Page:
But not enough.
There was simply not enough good that came from that day to justify all the evil we saw. So how can a God of sovereign providence, ultimate wisdom, and pure goodness be justified in light of 9/11?
I don’t ultimately know.
There’s Lots I Don’t Know
But I also wasn’t there when he created the world. I wasn’t there when he flung the stars across the heavens. I don’t know how he determined the boundaries for the oceans. I don’t know where he got the idea to create the emu or golden lion tamarin. I actually understand very little of the basic functions of life in this world. I don’t understand the way my body works, or how, when my wife and I have babies we end up with this child and not another? Some days I reflect on my own actions, attitudes, and words, and wonder why in the world I acted the way I did.
If I don’t understand the basics of creation, or how my own heart functions, why do I think that I should understand the infinite complexities of the providence of God who created in an instant with a word? He declares the end from the beginning (Is 46.9-10) — I don’t know what tomorrow brings (James 4.14). Who am I to think that I would be able to understand even if God were to take the time to explain all his reasoning to me?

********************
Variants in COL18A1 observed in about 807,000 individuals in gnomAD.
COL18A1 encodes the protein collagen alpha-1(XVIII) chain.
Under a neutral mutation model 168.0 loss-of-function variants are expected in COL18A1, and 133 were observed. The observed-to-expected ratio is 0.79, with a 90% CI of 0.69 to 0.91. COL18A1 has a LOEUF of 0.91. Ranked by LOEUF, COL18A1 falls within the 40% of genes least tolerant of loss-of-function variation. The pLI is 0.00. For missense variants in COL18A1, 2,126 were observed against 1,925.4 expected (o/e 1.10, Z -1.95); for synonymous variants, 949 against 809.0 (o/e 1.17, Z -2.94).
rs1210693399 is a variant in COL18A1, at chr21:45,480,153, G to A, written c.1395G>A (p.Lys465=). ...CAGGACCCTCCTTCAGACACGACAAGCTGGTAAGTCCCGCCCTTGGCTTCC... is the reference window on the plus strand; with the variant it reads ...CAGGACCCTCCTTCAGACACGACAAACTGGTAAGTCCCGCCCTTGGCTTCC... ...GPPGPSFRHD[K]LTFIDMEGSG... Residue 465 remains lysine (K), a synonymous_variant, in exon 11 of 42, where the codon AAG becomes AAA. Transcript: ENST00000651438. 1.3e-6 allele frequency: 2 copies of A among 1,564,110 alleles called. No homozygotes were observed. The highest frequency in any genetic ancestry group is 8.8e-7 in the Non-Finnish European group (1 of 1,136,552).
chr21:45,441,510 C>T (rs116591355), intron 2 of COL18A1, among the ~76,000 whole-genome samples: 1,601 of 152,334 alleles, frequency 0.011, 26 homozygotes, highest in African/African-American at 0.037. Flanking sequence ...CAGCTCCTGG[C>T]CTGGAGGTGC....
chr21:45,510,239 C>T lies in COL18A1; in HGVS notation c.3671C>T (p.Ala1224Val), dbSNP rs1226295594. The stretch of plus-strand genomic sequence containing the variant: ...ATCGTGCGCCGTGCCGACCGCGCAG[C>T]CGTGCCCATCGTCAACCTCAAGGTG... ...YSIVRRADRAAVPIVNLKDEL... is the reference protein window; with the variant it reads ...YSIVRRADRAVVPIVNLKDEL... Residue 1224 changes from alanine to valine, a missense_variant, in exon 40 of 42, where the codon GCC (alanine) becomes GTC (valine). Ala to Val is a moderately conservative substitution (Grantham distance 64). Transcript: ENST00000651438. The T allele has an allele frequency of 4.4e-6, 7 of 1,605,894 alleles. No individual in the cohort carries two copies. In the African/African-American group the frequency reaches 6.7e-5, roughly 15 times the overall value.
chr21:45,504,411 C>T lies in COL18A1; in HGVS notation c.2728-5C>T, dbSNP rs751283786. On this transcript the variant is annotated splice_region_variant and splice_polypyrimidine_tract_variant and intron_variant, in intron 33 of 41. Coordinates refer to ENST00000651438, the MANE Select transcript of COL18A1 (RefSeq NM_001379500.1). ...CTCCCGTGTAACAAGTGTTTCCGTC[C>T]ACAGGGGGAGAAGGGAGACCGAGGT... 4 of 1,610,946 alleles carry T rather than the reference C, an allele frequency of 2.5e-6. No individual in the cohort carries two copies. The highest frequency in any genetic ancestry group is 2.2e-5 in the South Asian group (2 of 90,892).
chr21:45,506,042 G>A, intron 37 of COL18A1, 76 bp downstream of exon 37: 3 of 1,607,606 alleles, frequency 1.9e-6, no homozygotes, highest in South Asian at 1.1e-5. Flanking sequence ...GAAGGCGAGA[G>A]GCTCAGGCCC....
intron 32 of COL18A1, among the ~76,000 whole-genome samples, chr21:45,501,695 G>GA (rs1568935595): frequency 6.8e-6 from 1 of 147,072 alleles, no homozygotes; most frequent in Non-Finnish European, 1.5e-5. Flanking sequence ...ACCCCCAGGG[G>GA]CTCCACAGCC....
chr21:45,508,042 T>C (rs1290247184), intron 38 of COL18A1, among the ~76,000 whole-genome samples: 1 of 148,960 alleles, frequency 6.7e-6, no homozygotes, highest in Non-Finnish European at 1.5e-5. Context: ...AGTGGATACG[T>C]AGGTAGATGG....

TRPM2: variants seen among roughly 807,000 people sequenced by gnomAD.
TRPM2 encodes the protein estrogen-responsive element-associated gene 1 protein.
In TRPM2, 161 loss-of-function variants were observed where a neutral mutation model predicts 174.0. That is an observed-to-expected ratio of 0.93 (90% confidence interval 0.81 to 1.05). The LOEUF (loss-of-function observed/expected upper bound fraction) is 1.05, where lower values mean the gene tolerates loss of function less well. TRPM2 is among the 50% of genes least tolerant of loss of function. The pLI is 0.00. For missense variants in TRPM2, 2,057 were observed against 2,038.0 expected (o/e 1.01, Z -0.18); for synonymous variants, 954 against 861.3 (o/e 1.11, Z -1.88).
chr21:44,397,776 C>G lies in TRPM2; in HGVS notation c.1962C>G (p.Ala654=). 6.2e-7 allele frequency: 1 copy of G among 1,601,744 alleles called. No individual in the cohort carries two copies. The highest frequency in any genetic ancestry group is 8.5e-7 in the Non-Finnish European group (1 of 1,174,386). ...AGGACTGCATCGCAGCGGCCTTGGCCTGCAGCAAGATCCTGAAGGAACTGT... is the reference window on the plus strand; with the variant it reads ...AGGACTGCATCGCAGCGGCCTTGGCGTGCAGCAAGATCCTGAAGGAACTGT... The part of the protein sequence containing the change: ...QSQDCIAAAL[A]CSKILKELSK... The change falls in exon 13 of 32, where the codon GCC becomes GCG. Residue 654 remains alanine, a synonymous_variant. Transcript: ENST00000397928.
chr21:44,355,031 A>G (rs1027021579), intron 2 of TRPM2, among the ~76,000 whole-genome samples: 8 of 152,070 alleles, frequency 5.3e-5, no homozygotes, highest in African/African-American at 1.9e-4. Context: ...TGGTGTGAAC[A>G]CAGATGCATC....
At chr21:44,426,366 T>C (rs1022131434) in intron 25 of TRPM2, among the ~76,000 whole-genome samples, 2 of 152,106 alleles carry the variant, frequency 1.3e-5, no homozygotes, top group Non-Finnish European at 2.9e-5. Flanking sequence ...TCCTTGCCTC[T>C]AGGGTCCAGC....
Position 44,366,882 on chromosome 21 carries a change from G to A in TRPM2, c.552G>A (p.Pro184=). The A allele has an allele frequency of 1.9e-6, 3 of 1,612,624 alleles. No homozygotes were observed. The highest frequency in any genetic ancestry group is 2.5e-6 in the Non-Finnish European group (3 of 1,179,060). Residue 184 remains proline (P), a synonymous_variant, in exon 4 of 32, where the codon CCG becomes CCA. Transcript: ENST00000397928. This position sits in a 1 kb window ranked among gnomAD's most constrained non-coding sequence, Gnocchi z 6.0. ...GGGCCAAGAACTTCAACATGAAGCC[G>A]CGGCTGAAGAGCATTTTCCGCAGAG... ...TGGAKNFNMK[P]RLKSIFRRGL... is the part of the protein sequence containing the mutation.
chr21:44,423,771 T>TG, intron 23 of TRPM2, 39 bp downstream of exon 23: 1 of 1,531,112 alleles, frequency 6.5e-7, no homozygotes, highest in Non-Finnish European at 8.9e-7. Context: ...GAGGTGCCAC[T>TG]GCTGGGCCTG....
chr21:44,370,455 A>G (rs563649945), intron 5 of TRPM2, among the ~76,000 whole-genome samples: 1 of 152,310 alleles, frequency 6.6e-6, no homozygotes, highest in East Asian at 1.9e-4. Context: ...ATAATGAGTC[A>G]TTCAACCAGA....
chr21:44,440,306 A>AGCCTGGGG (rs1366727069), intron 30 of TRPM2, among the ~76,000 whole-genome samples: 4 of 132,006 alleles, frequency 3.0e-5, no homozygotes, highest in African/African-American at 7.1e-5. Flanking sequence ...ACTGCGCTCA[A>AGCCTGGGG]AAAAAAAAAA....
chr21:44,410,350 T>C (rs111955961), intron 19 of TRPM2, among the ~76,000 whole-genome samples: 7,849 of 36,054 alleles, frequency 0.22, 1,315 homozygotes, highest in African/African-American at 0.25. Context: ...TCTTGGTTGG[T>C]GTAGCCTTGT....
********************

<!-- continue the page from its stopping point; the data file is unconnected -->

Still Reason to Hope
And yet, there’s this. This coming Sunday evening we’ll be baptizing a young man who was raised in a Muslim family in New York. The tragedy of 9/11 made life very difficult for him and his family in the following days and years in New York, so they moved to Canada.
God’s providence had moved this man from Pakistan to New York and now, because of 9/11, to Toronto. There he met some Christians who loved him and welcomed him in to their peer group. As the years went by his heart was softened to them and the gospel. Eventually he was converted and he now lives with the hope and an eternity with his Saviour.
And this Sunday — 12 years after 9/11 — we’re still experiencing the aftermath of that day. Is this enough good emerging from the rubble to justify God? It is certainly reason to hope; certainly reason to believe.